There is no indication from city officials the city plans to remove the statue.

Yamamoto also said she planned to meet with a staff member of the Japanese consul general’s staff during her stay. Consul Tomoko Ohyama said the office does not disclose its activities and declined to comment if there was a meeting with Yamamoto.

Councilmember John Park, who initiated bringing the memorial to Brookhaven after the Center for Civil and Human Rights in downtown Atlanta backed out of an agreement to place it on its property, declined to comment. Helen Kim Ho, spokesperson for the Atlanta Comfort Women Memorial Task Force, which commissioned the monument, also declined comment.

Correction and clarification: Yumiko Yamamoto says she has not been affiliated with the Zaitokukai organization since 2011. Shizuko Culpepper of Duluth has no affiliation with Zaitokukai and is only a member of the Japanese Women for Justice and Peace.

The Reporter apologizes for the error.

Dyana Bagby is a staff writer for Reporter Newspapers and Atlanta Intown.

5 replies on “Protestors denounce ‘comfort women’ memorial during Brookhaven festival”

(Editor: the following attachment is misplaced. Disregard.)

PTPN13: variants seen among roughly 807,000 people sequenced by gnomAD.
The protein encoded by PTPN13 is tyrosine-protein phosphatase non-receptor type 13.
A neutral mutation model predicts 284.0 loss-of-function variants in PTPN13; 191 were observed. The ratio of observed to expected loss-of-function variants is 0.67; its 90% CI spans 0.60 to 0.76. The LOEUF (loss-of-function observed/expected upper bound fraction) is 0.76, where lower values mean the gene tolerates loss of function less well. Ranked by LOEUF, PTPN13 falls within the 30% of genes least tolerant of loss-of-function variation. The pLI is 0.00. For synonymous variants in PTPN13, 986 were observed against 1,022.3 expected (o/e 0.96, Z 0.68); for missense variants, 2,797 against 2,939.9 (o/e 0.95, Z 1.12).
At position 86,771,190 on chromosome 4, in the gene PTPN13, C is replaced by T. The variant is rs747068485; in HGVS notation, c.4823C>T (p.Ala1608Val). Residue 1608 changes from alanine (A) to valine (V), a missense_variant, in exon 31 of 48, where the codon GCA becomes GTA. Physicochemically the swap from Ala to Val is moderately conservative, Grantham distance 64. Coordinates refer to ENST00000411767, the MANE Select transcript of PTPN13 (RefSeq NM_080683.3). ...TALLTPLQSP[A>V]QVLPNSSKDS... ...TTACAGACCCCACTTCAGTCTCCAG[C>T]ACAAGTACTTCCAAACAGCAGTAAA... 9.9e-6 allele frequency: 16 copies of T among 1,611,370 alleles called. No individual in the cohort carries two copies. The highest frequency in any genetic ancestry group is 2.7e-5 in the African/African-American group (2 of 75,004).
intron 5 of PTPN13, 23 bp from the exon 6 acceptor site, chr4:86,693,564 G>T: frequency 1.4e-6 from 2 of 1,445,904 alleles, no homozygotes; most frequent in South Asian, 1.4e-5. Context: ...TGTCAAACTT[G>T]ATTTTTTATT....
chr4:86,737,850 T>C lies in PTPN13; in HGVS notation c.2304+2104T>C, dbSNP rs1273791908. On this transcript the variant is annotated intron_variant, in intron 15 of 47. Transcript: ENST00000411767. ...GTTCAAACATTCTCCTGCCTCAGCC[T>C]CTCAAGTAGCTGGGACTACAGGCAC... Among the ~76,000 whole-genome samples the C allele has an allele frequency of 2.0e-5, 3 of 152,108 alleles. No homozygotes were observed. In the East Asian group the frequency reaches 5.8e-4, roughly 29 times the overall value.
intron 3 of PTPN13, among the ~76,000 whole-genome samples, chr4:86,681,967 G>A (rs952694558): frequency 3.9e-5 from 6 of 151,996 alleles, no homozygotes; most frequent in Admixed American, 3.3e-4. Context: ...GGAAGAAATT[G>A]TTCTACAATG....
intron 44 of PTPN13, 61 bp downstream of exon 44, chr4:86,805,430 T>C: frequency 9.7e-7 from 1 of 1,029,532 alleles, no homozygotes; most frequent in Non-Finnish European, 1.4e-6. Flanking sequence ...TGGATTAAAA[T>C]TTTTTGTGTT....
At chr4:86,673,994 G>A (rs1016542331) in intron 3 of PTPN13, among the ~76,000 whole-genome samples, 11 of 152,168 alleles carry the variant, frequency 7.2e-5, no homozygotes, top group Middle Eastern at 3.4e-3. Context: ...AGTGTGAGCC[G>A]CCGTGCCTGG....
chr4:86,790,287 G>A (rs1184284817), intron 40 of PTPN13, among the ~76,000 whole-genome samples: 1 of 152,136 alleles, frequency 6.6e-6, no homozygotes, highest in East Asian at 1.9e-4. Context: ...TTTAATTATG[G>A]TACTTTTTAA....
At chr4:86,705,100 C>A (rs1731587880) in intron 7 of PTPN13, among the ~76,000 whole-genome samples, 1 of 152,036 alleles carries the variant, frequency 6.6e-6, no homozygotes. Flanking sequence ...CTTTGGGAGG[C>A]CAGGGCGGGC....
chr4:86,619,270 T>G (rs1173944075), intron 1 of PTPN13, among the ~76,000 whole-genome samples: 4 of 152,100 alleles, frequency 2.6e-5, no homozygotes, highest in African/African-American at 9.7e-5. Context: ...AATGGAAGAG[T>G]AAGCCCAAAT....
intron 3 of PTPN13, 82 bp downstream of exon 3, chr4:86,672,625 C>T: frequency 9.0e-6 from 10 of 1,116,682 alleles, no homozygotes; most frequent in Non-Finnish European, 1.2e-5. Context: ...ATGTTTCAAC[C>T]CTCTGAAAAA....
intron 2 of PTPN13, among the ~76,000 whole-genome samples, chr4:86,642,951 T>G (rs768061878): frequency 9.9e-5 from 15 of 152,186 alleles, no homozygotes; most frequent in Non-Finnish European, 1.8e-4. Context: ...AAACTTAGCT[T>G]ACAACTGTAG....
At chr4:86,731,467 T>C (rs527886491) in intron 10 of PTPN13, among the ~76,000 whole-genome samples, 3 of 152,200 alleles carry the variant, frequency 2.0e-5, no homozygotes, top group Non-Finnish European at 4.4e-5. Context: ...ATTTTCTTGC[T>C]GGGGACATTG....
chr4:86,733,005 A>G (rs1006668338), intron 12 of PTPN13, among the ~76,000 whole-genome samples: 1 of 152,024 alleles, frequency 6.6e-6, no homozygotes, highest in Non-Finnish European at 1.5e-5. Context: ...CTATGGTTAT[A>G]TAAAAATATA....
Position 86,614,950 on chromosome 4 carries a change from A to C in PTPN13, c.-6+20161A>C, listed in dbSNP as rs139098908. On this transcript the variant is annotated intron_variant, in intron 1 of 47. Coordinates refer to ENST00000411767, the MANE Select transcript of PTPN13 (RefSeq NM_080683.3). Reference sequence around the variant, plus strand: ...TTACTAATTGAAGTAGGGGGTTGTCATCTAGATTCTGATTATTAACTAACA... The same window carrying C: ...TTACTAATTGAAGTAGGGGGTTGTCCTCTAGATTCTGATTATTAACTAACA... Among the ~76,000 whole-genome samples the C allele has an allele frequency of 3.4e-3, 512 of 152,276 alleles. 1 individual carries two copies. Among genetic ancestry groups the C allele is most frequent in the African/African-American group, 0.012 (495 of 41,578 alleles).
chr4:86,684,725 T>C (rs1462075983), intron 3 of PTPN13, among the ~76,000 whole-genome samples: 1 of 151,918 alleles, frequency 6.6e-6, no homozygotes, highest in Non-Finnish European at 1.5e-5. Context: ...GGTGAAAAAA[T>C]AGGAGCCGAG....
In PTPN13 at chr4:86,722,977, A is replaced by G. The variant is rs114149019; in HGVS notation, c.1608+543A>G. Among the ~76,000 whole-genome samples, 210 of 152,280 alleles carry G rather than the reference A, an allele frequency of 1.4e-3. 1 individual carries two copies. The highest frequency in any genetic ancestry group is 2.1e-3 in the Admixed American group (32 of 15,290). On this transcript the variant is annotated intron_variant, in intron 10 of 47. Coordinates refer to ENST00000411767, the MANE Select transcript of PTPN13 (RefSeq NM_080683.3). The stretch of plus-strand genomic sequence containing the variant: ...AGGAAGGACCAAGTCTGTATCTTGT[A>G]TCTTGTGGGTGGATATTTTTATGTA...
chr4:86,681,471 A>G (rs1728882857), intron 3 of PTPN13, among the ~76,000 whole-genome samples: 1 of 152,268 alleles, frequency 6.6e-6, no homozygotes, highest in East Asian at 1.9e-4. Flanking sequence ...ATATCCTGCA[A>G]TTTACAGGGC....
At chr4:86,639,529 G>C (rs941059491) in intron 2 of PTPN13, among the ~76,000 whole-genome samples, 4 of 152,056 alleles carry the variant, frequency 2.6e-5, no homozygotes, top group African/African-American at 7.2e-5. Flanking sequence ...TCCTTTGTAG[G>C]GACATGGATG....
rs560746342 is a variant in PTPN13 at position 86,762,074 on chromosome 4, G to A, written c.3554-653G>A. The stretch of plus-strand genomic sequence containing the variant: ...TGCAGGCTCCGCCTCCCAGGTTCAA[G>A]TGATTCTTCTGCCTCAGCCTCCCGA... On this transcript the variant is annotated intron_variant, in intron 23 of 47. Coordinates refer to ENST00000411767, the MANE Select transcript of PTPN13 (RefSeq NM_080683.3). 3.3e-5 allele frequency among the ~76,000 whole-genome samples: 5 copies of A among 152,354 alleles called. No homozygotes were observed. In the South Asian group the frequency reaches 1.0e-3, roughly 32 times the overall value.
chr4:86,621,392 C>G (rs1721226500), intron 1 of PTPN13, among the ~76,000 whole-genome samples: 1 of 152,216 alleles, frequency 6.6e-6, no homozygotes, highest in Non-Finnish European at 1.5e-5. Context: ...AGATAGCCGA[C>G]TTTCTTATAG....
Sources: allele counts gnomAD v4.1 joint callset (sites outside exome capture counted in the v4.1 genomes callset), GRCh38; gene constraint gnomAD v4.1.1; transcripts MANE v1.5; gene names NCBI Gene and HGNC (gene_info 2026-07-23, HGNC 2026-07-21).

1. Yamamoto is not just merely “tied” to an anti-Korean extremist group: she was the Vice President and Secretary General of Zaitokukai when its members showed up outside a Korean elementary school in Kyoto, banging on its gate, demanding entry while shouting at grade school children “you are children of North Korean spies,” “humans and Koreans can’t negotiate because only humans can negotiate with each other,” among other things.

    In 2012 Yamamoto resigned from her positions in Zaitokukai to focus on her current group, but not out of disagreement with the ideology or tactic of Zaitokukai. In her 2014 book, she explains that Zaitokukai had grown so much that she felt comfortable leaving it to others while she focuses on her new endeavor–promoting extremist revisionist views on the “comfort women” issue.

    In fact, her new group continues to spread anti-Korean extremist rhetoric, for example by submitting a letter to the United Nations Commission on the Elimination of Discrimination Against Women (CEDAW) titled “Hate speech masquerading as Anti-Hate speech by privileged Korean Residents in Japan,” which alleges that Koreans living in Japan enjoy special privileges over Japanese nationals, which is the core (and unfounded) talking point of Zaitokukai.